Hampshire & Isle of Wight

Margaret Young death 'not caused by hot tea spillage'

Margaret Young
Image caption Margaret Young died last June after suffering multiple health problems.

A woman who had tea spilt on her at a care home died from an unrelated skin infection, not a scalding injury, a coroner concluded.

An inquest in Portsmouth heard 73-year-old Margaret Young died in 2012 after suffering multiple health problems.

Her family believed tea was accidentally spilt on her at Beechcroft Manor Nursing Home in Gosport.

But coroner Karen Harrold concluded a red mark on her abdomen was most likely to have been caused by an infection.

She said it had not been the result of a thermal injury caused by a spillage of hot tea.

Mrs Young, a retired nurse, had been at the home for about a year, having been transferred from hospital after a fall at home.

'Special person'

She developed a sore and died in hospital in Portsmouth, on 20 June last year.

The coroner said there had been some issues with record keeping and communication at the nursing home, but these had been addressed with staff training and more internal and external checks.

She added two factors in combination led to the development of Mrs Young's sepsis - a soft tissue infection - mainly cellulitis and a kidney infection, while other significant factors in her death included heart disease, pneumonia and obesity.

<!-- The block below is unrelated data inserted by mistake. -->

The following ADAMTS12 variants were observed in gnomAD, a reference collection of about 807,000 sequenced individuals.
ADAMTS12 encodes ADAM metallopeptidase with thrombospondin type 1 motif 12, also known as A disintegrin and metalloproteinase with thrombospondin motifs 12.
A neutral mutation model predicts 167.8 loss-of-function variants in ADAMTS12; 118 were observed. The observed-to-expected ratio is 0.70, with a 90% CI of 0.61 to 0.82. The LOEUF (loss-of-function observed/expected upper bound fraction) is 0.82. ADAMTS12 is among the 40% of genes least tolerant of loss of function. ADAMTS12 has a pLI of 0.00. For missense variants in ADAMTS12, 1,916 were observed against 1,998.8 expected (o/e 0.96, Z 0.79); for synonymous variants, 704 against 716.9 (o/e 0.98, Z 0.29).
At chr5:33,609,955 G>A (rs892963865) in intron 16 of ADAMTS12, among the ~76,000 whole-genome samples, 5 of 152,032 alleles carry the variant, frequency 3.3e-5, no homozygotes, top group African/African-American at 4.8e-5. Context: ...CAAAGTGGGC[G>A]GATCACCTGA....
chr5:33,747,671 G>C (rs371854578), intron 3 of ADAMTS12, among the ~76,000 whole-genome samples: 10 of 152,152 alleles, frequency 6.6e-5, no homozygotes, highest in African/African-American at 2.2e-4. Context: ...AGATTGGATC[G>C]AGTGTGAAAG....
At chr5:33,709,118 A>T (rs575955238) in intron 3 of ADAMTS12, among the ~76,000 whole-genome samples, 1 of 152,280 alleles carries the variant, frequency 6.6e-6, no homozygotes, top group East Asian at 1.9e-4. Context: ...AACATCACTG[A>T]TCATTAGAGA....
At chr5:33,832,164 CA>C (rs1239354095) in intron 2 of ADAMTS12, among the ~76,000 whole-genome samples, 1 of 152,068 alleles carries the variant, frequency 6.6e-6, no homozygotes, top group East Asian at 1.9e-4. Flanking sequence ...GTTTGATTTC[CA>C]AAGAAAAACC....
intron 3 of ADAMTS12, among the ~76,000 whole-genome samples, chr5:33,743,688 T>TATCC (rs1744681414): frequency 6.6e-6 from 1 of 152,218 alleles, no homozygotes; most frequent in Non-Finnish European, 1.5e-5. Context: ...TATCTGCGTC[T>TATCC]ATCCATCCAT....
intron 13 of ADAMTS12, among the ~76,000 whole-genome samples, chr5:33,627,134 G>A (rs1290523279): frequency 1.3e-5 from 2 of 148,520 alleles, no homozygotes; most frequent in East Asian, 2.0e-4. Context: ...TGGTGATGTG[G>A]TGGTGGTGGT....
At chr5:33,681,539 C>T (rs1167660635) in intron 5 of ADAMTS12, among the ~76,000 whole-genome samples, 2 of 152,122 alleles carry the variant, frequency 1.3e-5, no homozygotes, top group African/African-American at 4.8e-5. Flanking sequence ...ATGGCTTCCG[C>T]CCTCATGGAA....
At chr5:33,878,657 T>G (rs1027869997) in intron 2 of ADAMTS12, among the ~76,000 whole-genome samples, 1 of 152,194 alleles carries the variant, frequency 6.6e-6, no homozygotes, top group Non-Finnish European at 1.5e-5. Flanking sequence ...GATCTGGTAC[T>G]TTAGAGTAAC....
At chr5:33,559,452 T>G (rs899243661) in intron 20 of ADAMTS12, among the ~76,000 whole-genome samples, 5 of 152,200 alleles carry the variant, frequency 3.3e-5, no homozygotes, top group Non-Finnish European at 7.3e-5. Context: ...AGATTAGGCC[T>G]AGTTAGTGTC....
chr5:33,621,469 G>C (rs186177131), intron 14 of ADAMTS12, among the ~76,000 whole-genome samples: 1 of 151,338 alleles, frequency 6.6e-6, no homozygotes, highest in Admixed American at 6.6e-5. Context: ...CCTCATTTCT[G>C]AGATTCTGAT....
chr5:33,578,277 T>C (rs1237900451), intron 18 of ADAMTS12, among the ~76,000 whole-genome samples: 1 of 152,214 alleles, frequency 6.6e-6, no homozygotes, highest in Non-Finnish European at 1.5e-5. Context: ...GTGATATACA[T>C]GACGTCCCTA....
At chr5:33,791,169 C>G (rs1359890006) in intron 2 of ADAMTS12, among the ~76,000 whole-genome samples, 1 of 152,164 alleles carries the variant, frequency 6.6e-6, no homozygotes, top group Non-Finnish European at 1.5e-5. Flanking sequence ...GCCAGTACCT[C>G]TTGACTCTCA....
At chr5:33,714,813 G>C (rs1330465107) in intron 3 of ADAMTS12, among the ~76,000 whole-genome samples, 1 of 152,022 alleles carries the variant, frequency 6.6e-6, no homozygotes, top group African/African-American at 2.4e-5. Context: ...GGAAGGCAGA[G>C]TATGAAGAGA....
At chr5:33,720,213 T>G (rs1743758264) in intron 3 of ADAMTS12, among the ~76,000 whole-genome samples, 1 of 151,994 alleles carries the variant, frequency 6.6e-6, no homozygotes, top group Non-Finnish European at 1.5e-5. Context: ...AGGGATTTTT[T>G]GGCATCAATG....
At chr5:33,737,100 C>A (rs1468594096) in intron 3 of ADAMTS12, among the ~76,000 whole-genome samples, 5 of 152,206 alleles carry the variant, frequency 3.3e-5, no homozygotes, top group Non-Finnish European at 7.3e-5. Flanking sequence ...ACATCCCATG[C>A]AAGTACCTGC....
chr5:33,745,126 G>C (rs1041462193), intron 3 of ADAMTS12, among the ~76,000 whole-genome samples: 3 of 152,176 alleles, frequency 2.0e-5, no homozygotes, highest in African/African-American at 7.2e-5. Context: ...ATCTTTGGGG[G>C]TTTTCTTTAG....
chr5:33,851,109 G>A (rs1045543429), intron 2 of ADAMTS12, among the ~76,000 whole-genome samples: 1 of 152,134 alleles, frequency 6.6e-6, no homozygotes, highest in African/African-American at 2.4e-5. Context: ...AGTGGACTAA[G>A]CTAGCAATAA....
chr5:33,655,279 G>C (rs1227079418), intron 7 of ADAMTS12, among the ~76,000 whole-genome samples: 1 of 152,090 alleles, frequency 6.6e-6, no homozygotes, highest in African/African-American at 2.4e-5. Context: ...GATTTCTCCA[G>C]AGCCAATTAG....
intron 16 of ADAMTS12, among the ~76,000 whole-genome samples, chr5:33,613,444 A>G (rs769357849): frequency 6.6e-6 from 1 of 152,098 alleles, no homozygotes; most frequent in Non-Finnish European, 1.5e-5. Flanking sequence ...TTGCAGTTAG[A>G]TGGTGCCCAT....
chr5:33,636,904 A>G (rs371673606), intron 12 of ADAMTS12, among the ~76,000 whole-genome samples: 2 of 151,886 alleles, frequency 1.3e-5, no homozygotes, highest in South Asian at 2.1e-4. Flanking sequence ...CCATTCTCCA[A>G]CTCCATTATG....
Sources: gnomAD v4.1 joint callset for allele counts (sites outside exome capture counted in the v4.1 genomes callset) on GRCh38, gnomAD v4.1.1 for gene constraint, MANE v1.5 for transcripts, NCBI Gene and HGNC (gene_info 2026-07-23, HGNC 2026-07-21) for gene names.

The coroner read out a statement on behalf of Mrs Young's daughter Janet Young.

"My mother was a very kind and gentle special person I had the pleasure to know 48 years of my life and (I'm) finding it difficult to accept how she slipped from mine and my father's life the way she did.

"My thoughts are with my father today and hope the conclusion gives us some closure so my mum can rest in peace now. I love her and miss her dearly," she said.

A statement released by the care home described Mrs Young as a "much-loved resident".

"The home has worked closely with all of the appropriate authorities over the past year and has introduced new policies to improve communications, particularly during handover periods and when consulting with GPs.

"We have also introduced a new wound management plan, further training and internal and external audits to ensure standards are consistently maintained," it said.

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